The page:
Saving Jesus from Nationalism – 10/31/21

In the fundamentalist church of my youth, like many other evangelical churches today, I was taught that America was God’s chosen country.   This idea stems from very early in America’s history.  The doctrine of manifest destiny was used to justify American imperialism.  This doctrine asserted that America had a special destiny from God to possess the continent from south of the Canadian border.  This doctrine was also inherently a white supremacist doctrine as it gave no claims to Native American or nonwhite claims to possession of the land.  From its discovery, Spanish and French monarchs financed exploration of what they termed the “New World” because they considered it their duty from God to convert those living in these lands to Christianity.

Donald Scott wrote on these religious origins of manifest destiny that “The new democratic republic, proclaimed as unique, had been ordained by God and endowed with a special mission to be the new “city upon a hill” to shine the beacon of liberty upon the world—and, at times if deemed necessary, to spread its form of democracy by force of arms to other parts of the world. “ The New England Puritans who journeyed to America carried this sense of Providential purpose.  And while America was founded upon principles of a clear division between church and state, the promulgation of religious liberty, faith and nationalism have remained strongly aligned.

During the insurrection on January 6, 2021, we saw many images which are not easy to forget – police being beaten, the capital being stormed.  But perhaps some of the most disturbing images for me were the Christian flags flying, the people who wore crosses on their t-shirts, the signs which said “Jesus saves.”  After members of the mob swarmed the Senate chamber, men came to podium, one saying “Jesus Christ, we invoke your name.”  Samuel Perry, wrote, “the language of the prayers offered by the insurrectionists both outside and within the Capitol indicates the views of white Americans who obviously thought Jesus not only wanted them to violently storm the Capitol in order to take it back from the socialists, globalists, etc., but also believed God empowered their efforts, giving them victory.”

In “Taking America Back for God: Christian Nationalism in the United States,” Andrew Whitehead and Samuel Perry define Christian Nationalism as “a collection of myths, traditions, symbols, narratives, and value systems — that idealizes and advocates a fusion of Christianity with American civic life…. It includes assumptions of nativism, white supremacy, patriarchy, and heteronormativity, along with divine sanction for authoritarian control and militarism. It is as ethnic and political as it is religious.”  Christian nationalism assumes that we are a Christian nation, seeks laws privileging Christian views, and embraces a faith that is complicit in acts of racial, gender, and religious discrimination.  Christian nationalists believe that success of the United States is part of God’s plan for the world, and therefore the government should advocate for Christian values.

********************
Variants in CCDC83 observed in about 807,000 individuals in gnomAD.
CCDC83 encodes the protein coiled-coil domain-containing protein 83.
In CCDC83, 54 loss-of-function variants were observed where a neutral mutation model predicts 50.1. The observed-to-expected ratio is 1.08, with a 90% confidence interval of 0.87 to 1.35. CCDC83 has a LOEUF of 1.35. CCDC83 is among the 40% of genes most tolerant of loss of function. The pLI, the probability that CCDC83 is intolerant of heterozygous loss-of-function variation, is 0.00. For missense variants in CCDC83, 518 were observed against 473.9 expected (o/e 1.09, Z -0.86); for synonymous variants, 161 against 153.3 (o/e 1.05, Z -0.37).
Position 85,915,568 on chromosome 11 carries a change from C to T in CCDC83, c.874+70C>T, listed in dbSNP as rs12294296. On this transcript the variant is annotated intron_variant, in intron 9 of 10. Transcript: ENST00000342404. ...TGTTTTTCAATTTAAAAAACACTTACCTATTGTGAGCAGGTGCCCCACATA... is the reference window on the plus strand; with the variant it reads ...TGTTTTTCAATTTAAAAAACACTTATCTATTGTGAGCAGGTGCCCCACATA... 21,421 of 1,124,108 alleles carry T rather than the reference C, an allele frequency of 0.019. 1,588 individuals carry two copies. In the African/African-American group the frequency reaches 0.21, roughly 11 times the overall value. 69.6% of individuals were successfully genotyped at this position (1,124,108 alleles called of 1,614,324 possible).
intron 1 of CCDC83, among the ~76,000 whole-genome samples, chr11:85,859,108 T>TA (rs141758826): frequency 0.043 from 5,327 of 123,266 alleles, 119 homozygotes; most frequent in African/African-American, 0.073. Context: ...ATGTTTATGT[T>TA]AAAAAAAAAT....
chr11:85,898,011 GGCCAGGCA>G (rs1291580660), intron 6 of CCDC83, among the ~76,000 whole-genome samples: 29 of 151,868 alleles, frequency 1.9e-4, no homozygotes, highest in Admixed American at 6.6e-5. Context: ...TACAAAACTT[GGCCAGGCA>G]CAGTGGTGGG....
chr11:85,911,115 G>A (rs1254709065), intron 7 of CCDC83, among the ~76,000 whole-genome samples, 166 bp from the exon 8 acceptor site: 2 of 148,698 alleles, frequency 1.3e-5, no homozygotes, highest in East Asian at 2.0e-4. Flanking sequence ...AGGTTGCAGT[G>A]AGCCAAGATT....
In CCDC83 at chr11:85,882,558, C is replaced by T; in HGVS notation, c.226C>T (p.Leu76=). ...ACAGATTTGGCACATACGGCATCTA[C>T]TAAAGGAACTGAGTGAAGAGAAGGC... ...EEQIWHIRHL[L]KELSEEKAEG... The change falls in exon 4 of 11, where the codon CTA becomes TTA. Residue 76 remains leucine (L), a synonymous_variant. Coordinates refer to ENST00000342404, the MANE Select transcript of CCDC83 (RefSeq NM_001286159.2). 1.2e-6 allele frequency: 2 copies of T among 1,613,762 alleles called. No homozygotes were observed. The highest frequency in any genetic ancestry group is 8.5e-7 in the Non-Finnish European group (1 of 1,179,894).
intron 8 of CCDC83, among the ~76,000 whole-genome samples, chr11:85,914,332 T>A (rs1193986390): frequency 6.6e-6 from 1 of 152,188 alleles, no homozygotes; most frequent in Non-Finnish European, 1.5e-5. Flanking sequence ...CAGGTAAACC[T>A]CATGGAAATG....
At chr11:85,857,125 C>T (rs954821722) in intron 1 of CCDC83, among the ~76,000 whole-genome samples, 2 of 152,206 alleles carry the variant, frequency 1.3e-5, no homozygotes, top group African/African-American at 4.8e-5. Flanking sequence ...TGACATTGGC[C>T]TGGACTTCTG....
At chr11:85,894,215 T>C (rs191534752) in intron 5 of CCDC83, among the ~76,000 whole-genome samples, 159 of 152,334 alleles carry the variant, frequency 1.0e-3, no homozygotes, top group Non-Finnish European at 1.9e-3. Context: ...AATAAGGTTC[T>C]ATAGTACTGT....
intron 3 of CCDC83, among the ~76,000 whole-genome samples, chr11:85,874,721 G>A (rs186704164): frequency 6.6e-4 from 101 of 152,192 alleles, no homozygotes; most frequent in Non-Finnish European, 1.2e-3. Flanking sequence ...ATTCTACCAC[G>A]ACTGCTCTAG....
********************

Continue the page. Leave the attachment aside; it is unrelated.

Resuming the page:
This idea of American nationalism tied to Christianity has pervaded churches for years.  American flags hang in church sanctuaries.  Patriotic songs are sung in services.  But such a belief runs counter to what Jesus taught.  Jesus is recorded as saying in the gospel of John, “My kingdom is not of this world.”  The division which Christian nationalism creates runs counter to the idea of beloved community found in scripture.  Christian nationalism seeks to divide, exaggerating the differences which exist.  Jesus sought to end those categories, engaging in a ministry of radical inclusion.  Christian nationalism seeks to define the strength of one’s faith by one’s adherence to a political agenda – by our position on abortion, same sex marriage, and immigration.   Jesus spoke of the authenticity of our faith being determined by whether we clothe the naked, tend to the sick, feed the hungry, visit the imprisoned.

In her book The Power Worshippers, Katherine Stewart writes, “What today’s Christian nationalists call “religious liberty” is in reality a form of religious privilege—for their kind of religion. But privilege is never free. It always comes at the expense of other people’s rights.”  And this religious liberty can come at a great cost to people’s health and to their dignity.  Whether that be in the form of restriction on women’s reproductive rights, limitations on the ability of every person to be married or justifying someone’s refusal to provide a cake for such a celebration, the assertion of religious liberty undermines Jesus’s ministry of bringing healing to all and affirming the inherent worth and value of everyone.